Human-Climate Interactions and Evolution: Past and Future

Event Date (Pacific Time): 
Friday, May 15, 2015 - 1:00pm to 5:30pm
Event Chairs:

Charles Kennel, Scripps Institution of Oceanography and University of Cambridge
Rick Potts, Smithsonian Institution

Summary: Our early ancestors evolved on a drying, cooling, and highly variable planet, which has led to competing ideas as to how climate may have shaped human evolution. Equally compelling is the question of how and when humans began to affect their surroundings to such an extent as to become a force of climate change, with disruptions affecting the globe today. According to earth scientists, paleontologists, and scholars in other fields, the planet has entered a new geological phase – the Anthropocene, the age of humans. How did this transition of our species from an apelike ancestor in Africa to the current planetary force occur?  What are the prospects for the future of world climate, ecosystems, and our species? This symposium presents varied perspectives on these critical questions from earth scientists, ecologists, and paleoanthropologists.

Event Sessions

Media for each talk can be played by clicking on icons in the "Media" column, or by clicking on the individual talk titles below and then the attachment file at the bottom of the page.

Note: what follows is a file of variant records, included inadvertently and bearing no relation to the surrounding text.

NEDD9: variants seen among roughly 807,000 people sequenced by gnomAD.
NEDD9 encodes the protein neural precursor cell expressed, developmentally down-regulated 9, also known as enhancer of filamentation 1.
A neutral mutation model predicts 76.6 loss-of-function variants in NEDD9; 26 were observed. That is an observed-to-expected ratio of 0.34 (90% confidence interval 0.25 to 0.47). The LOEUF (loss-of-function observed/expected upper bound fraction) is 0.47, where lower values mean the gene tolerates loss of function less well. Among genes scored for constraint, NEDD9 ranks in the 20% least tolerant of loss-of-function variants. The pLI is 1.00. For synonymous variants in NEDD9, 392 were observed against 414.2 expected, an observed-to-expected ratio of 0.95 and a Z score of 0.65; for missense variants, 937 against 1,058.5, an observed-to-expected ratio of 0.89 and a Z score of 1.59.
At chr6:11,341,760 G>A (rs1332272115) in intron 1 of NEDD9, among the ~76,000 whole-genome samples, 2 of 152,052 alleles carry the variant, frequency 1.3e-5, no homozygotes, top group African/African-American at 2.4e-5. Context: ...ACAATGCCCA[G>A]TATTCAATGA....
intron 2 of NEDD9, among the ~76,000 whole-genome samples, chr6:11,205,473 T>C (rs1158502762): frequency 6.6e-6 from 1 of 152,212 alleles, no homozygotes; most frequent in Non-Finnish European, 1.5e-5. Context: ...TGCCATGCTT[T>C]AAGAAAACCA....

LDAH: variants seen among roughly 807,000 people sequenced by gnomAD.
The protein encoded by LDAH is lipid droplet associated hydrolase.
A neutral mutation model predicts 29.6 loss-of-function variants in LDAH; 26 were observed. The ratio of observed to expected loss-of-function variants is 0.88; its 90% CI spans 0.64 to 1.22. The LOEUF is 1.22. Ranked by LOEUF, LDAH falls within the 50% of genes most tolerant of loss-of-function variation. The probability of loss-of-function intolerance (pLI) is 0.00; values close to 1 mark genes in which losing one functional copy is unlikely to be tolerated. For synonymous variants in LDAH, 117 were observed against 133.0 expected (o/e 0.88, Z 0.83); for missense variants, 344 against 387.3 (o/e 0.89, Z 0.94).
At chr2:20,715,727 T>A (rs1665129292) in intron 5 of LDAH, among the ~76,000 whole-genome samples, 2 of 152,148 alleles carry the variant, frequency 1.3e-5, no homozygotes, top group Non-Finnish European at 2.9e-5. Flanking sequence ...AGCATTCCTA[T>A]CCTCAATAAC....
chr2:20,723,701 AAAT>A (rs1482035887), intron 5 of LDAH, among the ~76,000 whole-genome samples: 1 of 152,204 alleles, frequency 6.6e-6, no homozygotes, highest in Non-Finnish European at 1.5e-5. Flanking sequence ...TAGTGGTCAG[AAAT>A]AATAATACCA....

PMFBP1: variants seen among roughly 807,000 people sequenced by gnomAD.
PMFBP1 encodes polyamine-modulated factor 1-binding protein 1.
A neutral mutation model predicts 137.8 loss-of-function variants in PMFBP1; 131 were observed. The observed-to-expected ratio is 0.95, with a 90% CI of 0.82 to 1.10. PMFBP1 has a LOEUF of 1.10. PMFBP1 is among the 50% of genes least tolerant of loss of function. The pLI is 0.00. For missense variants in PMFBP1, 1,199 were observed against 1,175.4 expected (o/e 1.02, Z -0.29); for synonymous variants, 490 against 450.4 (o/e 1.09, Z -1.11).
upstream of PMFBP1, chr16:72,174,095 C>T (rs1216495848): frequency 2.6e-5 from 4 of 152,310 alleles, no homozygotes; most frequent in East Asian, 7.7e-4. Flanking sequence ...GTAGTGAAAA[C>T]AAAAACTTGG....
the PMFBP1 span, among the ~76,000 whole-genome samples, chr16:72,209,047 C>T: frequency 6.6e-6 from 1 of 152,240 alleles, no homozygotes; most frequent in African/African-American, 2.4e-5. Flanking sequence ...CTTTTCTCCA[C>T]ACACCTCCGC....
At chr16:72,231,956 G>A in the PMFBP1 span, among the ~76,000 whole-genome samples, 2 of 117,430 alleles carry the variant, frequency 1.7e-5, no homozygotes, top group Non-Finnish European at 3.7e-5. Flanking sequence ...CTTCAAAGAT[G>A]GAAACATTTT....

Media Session Speakers
File Welcome Ajit Varki, UC San Diego School of Medicine
File Opening Remarks Charles Kennel, Scripps Institution of Oceanography and University of Cambridge
File African Climate Change and Human Evolution Peter deMenocal, Columbia University
File The Climatic Framework of Neandertal Evolution Jean-Jacques Hublin, Max Planck Institute for Evolutionary Anthropology
File Climate Instability and the Evolution of Human Adaptability Rick Potts, Smithsonian Institution
File Abrupt Climate Transitions and Humans Jeff Severinghaus, Scripps Institute of Oceanography, UC San Diego
File How Humans Took Control of Climate William Ruddiman, University of Virginia
File The Impacts of Arctic Sea Ice Retreat on Contemporary Climate Charles Kennel, Scripps Institution of Oceanography and University of Cambridge
File A Tipping Point: Using the Past to Forecast Our Future Elizabeth Hadly, Stanford University
File Human Impacts: Will We Survive the Future? Naomi Oreskes, Harvard University
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Climate Change Mitigation: In Pursuit of the Common Good Veerabhadran Ramanathan, Scripps Institution of Oceanography, UC San Diego
File Wrap-up Rick Potts, Smithsonian Institution
File Question and Answer Session All Speakers
File Closing Remarks Margaret Schoeninger, University of California, San Diego

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